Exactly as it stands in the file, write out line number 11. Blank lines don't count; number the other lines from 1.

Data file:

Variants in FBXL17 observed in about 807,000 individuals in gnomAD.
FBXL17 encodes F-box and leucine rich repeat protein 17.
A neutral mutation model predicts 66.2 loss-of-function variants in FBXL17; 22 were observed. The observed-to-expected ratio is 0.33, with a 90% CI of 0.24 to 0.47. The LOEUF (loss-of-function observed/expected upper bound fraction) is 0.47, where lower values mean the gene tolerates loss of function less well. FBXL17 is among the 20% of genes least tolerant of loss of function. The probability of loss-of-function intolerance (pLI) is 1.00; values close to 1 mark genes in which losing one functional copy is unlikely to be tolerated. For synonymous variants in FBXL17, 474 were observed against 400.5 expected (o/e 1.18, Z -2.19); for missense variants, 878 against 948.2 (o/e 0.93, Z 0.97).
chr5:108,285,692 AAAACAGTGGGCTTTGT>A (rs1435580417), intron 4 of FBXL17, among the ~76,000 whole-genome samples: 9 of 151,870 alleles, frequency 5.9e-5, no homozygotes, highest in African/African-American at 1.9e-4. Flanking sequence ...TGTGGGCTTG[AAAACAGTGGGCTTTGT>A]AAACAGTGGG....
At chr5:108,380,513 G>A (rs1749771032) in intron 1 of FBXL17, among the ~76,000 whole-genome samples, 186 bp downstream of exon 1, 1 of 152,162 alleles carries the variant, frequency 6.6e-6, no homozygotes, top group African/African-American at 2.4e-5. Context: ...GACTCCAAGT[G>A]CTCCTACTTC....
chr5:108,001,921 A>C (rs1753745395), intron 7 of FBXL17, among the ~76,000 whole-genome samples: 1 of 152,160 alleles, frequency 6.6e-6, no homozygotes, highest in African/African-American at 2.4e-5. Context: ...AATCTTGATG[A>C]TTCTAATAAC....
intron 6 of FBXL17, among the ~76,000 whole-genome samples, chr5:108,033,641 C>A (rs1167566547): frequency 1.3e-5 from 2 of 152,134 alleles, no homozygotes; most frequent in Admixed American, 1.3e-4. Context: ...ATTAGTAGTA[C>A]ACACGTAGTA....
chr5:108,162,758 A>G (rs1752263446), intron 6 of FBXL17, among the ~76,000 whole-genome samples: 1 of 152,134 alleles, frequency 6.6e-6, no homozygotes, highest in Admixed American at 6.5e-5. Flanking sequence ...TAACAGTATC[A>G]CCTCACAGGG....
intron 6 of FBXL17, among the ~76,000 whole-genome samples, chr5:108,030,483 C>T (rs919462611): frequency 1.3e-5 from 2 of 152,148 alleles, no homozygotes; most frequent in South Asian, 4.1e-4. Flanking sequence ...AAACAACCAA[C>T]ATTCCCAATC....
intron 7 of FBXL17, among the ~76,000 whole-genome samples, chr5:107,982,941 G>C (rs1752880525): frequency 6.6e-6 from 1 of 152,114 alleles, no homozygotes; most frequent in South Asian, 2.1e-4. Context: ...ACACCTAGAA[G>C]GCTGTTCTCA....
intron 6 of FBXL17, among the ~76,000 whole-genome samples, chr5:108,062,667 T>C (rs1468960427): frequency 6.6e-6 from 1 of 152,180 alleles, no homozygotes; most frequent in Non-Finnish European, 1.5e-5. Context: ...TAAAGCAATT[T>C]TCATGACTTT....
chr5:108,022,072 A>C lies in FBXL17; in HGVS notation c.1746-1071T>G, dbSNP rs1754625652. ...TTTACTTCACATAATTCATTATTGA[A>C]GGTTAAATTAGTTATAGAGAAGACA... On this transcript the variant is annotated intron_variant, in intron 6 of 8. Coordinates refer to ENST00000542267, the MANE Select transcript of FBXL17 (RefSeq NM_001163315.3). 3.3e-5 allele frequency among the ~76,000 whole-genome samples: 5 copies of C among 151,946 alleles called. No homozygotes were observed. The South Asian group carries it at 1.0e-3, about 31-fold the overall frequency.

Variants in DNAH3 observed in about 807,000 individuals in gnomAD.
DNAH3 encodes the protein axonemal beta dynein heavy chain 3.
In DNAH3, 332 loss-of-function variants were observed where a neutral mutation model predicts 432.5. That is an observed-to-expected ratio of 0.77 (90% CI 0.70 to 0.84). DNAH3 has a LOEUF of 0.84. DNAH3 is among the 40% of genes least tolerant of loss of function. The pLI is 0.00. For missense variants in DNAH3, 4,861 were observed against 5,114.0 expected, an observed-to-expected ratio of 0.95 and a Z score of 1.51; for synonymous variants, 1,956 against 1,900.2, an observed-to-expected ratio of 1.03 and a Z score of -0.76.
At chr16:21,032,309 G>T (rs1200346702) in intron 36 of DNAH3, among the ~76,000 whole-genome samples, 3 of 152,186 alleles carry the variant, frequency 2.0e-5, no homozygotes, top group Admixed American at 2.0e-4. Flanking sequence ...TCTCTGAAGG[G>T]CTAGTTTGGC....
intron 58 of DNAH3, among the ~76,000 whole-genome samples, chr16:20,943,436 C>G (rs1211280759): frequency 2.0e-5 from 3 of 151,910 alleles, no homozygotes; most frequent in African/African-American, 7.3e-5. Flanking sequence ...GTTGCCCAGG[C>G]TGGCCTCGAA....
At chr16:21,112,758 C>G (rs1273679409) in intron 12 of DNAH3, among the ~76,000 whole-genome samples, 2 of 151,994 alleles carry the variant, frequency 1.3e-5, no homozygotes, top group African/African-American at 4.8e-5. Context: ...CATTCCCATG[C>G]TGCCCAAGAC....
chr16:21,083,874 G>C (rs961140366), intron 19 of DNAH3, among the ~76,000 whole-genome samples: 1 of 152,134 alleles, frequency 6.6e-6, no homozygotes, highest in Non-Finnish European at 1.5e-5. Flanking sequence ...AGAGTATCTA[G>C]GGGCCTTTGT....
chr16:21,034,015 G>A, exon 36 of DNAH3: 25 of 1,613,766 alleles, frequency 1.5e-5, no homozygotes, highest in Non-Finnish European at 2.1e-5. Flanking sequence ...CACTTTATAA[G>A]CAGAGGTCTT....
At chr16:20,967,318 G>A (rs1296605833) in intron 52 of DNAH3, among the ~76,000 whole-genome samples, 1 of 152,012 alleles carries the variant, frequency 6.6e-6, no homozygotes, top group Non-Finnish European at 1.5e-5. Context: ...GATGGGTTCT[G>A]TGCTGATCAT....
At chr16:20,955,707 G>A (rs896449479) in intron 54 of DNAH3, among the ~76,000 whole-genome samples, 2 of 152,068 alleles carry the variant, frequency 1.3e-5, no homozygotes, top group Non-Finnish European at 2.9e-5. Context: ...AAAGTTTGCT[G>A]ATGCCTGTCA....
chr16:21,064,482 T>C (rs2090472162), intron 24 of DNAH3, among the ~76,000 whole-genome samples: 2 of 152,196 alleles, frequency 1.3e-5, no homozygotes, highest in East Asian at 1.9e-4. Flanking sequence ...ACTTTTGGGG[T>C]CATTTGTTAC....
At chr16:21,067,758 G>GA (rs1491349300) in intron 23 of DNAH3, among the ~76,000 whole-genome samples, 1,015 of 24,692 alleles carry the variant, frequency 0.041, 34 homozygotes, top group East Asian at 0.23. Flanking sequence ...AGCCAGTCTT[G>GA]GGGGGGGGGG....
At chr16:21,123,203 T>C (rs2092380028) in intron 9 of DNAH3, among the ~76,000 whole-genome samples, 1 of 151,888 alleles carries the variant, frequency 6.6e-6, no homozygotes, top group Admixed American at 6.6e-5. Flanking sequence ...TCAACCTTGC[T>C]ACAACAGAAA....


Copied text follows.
intron 6 of FBXL17, among the ~76,000 whole-genome samples, chr5:108,062,667 T>C (rs1468960427): frequency 6.6e-6 from 1 of 152,180 alleles, no homozygotes; most frequent in Non-Finnish European, 1.5e-5. Context: ...TAAAGCAATT[T>C]TCATGACTTT....